Our good friend over at Attempted Bloggery has two posts tied-in to The New Yorker’s 90th anniversary. Go look!
As part of the New Yorker’s 90th anniversary celebration, its website has been posting decade-by-decade slide shows of cartoons. They’re now up to 1965 through 1975. The above, by Mischa Richter, appeared in the magazine May 23, 1970.
Cast of Characters Cover: Thurber, St. Clair McKelway, Gibbs, Maloney & Parker; More from A Case For Pencils
It being The New Yorker’s 90th anniversary, how fitting that the cover has been revealed for Thomas Vinciguerra’s Cast of Characters: Wolcott Gibbs, E.B. White, James Thurber, and The Golden Age of The New Yorker.
Quite a crew gathered for a book party at the Algonquin Hotel in 1938: seated, left to right, Fritz Foord (who ran Foord’s Sanitarium in Kerhonkson, NY*), Wolcott Gibbs, Frank Case (owner of The Algonquin Hotel) and Dorothy Parker; standing, Alan Campbell (Ms. Parker’s husband), St. Clair McKelway, Russell Maloney and James Thurber.
*according to a Thurber biographer, Harrison Kinney, Thurber heard that “O.Henry had used Foord’s as a drying-out place, and later psychically exhausted colleagues would periodically turn themselves in there, too.”
(W.W. Norton & Co. will publish Mr. Vinciguerra’s book in November of this year).
Note: A Case For Pencils asked me to participate in a survey of tools of the trade. You can see it here.
Over on The New Yorker’s website there is much to dig into: cartoon slide shows from various decades, selected classic pieces, covers. Go here to see what’s going on.
Note: Alas, Rea Irvin’s classic cover of the magazine’s mascot does not appear this week. Nine contemporary takes on Tilley appear instead. I took the above photo to accompany my essay “Tilley Over Time” on the magazine’s website, August of 2008.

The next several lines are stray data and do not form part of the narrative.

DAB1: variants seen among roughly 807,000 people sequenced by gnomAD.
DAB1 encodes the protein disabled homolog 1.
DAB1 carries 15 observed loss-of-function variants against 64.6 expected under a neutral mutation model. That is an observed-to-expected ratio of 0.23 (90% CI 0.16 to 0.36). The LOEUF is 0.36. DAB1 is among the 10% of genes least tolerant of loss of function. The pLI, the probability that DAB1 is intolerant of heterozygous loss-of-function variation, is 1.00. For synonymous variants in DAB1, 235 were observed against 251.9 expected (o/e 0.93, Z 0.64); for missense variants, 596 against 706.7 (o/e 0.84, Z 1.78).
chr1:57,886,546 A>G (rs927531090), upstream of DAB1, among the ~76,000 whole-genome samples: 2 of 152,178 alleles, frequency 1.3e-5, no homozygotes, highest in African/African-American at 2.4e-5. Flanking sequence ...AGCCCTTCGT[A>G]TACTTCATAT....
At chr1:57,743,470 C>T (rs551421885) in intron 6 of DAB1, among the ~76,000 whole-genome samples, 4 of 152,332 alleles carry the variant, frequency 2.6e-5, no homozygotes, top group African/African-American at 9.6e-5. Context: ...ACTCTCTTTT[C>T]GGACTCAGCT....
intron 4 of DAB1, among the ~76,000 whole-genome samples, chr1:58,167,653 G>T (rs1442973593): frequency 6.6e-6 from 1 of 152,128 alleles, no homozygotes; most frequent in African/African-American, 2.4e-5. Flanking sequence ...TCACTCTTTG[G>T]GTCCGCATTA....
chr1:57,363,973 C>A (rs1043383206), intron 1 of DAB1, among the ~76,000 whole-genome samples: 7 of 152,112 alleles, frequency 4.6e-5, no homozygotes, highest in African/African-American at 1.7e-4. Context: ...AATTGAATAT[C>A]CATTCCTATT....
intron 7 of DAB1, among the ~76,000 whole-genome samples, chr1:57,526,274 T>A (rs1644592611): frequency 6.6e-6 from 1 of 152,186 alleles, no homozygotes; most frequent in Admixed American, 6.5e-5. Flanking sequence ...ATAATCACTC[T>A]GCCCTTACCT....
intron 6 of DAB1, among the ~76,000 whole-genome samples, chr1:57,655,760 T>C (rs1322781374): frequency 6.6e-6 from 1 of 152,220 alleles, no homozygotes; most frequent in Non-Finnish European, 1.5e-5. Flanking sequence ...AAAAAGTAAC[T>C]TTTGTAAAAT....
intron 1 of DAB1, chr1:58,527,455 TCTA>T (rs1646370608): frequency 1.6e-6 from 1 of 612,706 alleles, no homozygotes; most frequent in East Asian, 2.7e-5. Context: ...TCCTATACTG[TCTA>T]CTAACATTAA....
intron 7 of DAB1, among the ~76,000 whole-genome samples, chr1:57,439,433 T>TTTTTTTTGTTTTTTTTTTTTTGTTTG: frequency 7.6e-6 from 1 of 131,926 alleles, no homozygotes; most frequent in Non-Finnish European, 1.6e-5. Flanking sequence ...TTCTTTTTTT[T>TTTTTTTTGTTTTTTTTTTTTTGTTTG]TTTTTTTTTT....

From Bob Mankoff’s newyorker.com blog, this video post: “Downtown is Looking Up,Up,Up” — a look at skyscraper cartoons from the New Yorker’s early years.
(photo by Meg Handler Photography)
From The Providence Journal, February 8, 2015, “RISD exhibit: Album covers were just another canvas for artists” – this story about a current exhibition of album cover art. The exhibit includes work by William Steig, Arnold Roth,and Edward Sorel.
( left: A Sorel album cover)
The New Yorker’s current cartoon editor, Bob Mankoff on Joe Farris, who passed away last week at the age of 90. “Joe Farris’s Top-Of-The- Line Cartoons”
Emily Flake has returned to the The Daily Cartoon. Last time around was the summer of 2013.
When you move, it’s always reassuring unboxing something you love from the old place and setting it down in the new place. In 1991 when The New Yorker left its long time offices at 25 West 43rd Street, the magazine brought along a number of office wall drawings by James Thurber. The drawings were carefully extricated from 25 West 43rd Street and eventually installed across the street at 20 West 43rd Street. These very same drawings were moved again when the magazine moved west to 4 Times Square in 1999.
In a tradition at The New Yorker that goes back to the magazine’s founding in 1925, cartoonists come in on Tuesdays to show their latest efforts to the cartoon editor. Greeting them this Tuesday — their first Tuesday at the new offices at One World Trade Center — were Thurber’s drawings, in a new neighborhood, in a new building, at a higher elevation, and installed on a new wall, but still, as Brendan Gill might’ve said, here at The New Yorker.
[photo courtesy of Liza Donnelly]
The New Yorker’s top-hatted mascot bid goodbye once before, back in August of 1937, when Otto Soglow gave us Tilley, not in a Cadillac, but in the back of a Victoria, and embarking from The Plaza Hotel, not Times Square. Back then, Tilley was substituting for E.B. White, who had decided on taking a leave of absence from New York & The New Yorker. The drawing appeared at the bottom of White’s farewell Talk of The Town piece. A tearful Thurber dog follows close by the rear wheel. Eustace tips his hat to two waving women in black, holding muffs: Peter Arno’s Whoops Sisters.